Sweden presses on judicial independence in Turkey extradition decision
Sweden insists that any decision to extradite alleged Kurdish militants and coup plot suspects to Turkey would be made by "independent courts."
Erdogan warned Sweden and Finland that if the agreement is not implemented, he will veto their applications to join NATO.
Sweden insisted, on Thursday, that any decision to extradite "Kurdish militants and coup plot suspects" to Turkey would be made by "independent courts."
Justice Minister Morgan Johansson said in a written statement as quoted by AFP that "in Sweden, Swedish law is applied by independent courts. Swedish citizens are not extradited. Non-Swedish citizens can be extradited at the request of other countries, but only if it is compatible with Swedish law and the European Convention."
Turkey announced, on Wednesday, that it would seek the extradition of suspected Kurdish militants and coup plotters from Sweden and Finland as part of a deal to secure Ankara's support for the Nordic countries' NATO membership bids.
On Thursday, President Recep Tayyip Erdogan warned Sweden and Finland that if the agreement is not implemented, he will veto their applications to join NATO.
Johansson insisted in his statement that Sweden's Supreme Court "makes that examination and has a veto. That system is still valid. It is clearly stated in the agreement that we comply with the European Convention on Extradition, which Sweden, Finland, and Turkey have signed."
Erdogan's stern warning came at the conclusion of a NATO summit at which the US-led alliance formally invited the Nordic countries to join the 30-nation bloc.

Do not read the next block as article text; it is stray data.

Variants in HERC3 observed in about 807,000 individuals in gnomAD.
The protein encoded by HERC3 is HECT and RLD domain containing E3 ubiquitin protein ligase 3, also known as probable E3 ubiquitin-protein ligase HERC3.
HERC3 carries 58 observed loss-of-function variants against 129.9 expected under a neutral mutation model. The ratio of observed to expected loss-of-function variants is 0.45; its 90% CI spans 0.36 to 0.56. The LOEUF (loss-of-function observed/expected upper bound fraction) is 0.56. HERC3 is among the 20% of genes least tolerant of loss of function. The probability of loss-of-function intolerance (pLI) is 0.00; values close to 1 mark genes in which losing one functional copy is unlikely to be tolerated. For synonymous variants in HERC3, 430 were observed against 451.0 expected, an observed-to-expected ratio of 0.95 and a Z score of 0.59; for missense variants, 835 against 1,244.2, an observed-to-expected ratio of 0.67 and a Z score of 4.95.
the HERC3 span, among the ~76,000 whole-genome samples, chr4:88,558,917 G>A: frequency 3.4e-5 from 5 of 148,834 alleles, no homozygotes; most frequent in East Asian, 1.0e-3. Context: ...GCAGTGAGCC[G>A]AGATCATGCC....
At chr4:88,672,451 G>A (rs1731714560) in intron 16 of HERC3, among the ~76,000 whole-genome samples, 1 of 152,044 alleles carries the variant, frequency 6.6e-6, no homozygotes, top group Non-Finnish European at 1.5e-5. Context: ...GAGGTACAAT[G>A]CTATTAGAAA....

Sweden and Finland have lately abandoned their history of military non-alignment and announced plans to join NATO.
Their bids were on track for approval until Erdogan expressed reservations in May.
He accused the two of harboring “outlawed Kurdish militants” and promoting "terrorism."
Erdogan also demanded that arms embargoes imposed in response to Turkey's military incursion into Syria in 2019 be lifted.
On the sidelines of the NATO summit on Tuesday, the three sides signed a 10-point memorandum that appeared to address many of Erdogan's concerns.
Erdogan dropped his objections after a warm meeting with US President Joe Biden, which was followed by a promise to sell new warplanes to Turkey.
Nonetheless, Erdogan told reporters at a post-summit press conference that the memorandum did not imply that Turkey would automatically approve the two countries' membership.
The applications of new countries must be approved by all members and ratified by their respective legislatures.
Erdogan cautioned that Sweden and Finland's future behavior would determine whether their application was forwarded to the Turkish parliament for ratification.
"If they fulfil their duties, we will send it to the parliament. If they are not fulfilled, it is out of the question," he said.
One Western diplomatic source in the NATO summit's hallways accused Erdogan of being involved in "blackmail."